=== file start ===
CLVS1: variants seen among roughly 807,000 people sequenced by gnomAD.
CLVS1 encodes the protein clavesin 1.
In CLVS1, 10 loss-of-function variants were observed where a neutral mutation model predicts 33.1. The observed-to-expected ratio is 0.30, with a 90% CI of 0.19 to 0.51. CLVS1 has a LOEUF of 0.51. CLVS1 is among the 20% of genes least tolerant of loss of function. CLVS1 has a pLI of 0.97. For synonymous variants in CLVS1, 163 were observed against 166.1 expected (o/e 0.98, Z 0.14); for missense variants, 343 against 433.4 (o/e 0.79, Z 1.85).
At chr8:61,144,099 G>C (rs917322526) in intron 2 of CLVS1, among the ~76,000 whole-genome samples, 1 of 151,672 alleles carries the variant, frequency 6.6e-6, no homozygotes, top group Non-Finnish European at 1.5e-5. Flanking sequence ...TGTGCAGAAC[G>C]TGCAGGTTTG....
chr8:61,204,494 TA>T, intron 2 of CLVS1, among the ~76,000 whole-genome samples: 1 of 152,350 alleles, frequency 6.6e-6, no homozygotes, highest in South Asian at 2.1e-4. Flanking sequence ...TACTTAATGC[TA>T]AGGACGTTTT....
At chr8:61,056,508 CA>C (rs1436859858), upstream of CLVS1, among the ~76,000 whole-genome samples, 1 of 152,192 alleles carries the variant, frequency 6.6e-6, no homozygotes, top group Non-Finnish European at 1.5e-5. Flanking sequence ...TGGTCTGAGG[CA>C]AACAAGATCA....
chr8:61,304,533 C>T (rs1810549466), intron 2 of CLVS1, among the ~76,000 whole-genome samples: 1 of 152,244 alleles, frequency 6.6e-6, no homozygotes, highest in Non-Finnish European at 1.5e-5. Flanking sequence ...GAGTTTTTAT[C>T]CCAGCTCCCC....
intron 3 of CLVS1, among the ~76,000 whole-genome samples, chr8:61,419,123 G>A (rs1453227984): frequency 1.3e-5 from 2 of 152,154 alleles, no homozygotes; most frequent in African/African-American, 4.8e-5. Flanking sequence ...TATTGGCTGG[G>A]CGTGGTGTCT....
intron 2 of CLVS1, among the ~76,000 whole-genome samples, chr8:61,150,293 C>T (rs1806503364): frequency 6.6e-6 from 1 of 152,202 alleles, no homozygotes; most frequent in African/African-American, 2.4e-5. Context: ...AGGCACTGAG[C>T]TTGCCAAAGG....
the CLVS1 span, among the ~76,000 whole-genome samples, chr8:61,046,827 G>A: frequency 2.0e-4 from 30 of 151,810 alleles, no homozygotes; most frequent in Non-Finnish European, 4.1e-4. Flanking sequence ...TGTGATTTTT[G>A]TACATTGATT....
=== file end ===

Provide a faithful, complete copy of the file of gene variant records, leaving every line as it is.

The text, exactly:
CLVS1: variants seen among roughly 807,000 people sequenced by gnomAD.
CLVS1 encodes the protein clavesin 1.
In CLVS1, 10 loss-of-function variants were observed where a neutral mutation model predicts 33.1. The observed-to-expected ratio is 0.30, with a 90% CI of 0.19 to 0.51. CLVS1 has a LOEUF of 0.51. CLVS1 is among the 20% of genes least tolerant of loss of function. CLVS1 has a pLI of 0.97. For synonymous variants in CLVS1, 163 were observed against 166.1 expected (o/e 0.98, Z 0.14); for missense variants, 343 against 433.4 (o/e 0.79, Z 1.85).
At chr8:61,144,099 G>C (rs917322526) in intron 2 of CLVS1, among the ~76,000 whole-genome samples, 1 of 151,672 alleles carries the variant, frequency 6.6e-6, no homozygotes, top group Non-Finnish European at 1.5e-5. Flanking sequence ...TGTGCAGAAC[G>C]TGCAGGTTTG....
chr8:61,204,494 TA>T, intron 2 of CLVS1, among the ~76,000 whole-genome samples: 1 of 152,350 alleles, frequency 6.6e-6, no homozygotes, highest in South Asian at 2.1e-4. Flanking sequence ...TACTTAATGC[TA>T]AGGACGTTTT....
At chr8:61,056,508 CA>C (rs1436859858), upstream of CLVS1, among the ~76,000 whole-genome samples, 1 of 152,192 alleles carries the variant, frequency 6.6e-6, no homozygotes, top group Non-Finnish European at 1.5e-5. Flanking sequence ...TGGTCTGAGG[CA>C]AACAAGATCA....
chr8:61,304,533 C>T (rs1810549466), intron 2 of CLVS1, among the ~76,000 whole-genome samples: 1 of 152,244 alleles, frequency 6.6e-6, no homozygotes, highest in Non-Finnish European at 1.5e-5. Flanking sequence ...GAGTTTTTAT[C>T]CCAGCTCCCC....
intron 3 of CLVS1, among the ~76,000 whole-genome samples, chr8:61,419,123 G>A (rs1453227984): frequency 1.3e-5 from 2 of 152,154 alleles, no homozygotes; most frequent in African/African-American, 4.8e-5. Flanking sequence ...TATTGGCTGG[G>A]CGTGGTGTCT....
intron 2 of CLVS1, among the ~76,000 whole-genome samples, chr8:61,150,293 C>T (rs1806503364): frequency 6.6e-6 from 1 of 152,202 alleles, no homozygotes; most frequent in African/African-American, 2.4e-5. Context: ...AGGCACTGAG[C>T]TTGCCAAAGG....
the CLVS1 span, among the ~76,000 whole-genome samples, chr8:61,046,827 G>A: frequency 2.0e-4 from 30 of 151,810 alleles, no homozygotes; most frequent in Non-Finnish European, 4.1e-4. Flanking sequence ...TGTGATTTTT[G>A]TACATTGATT....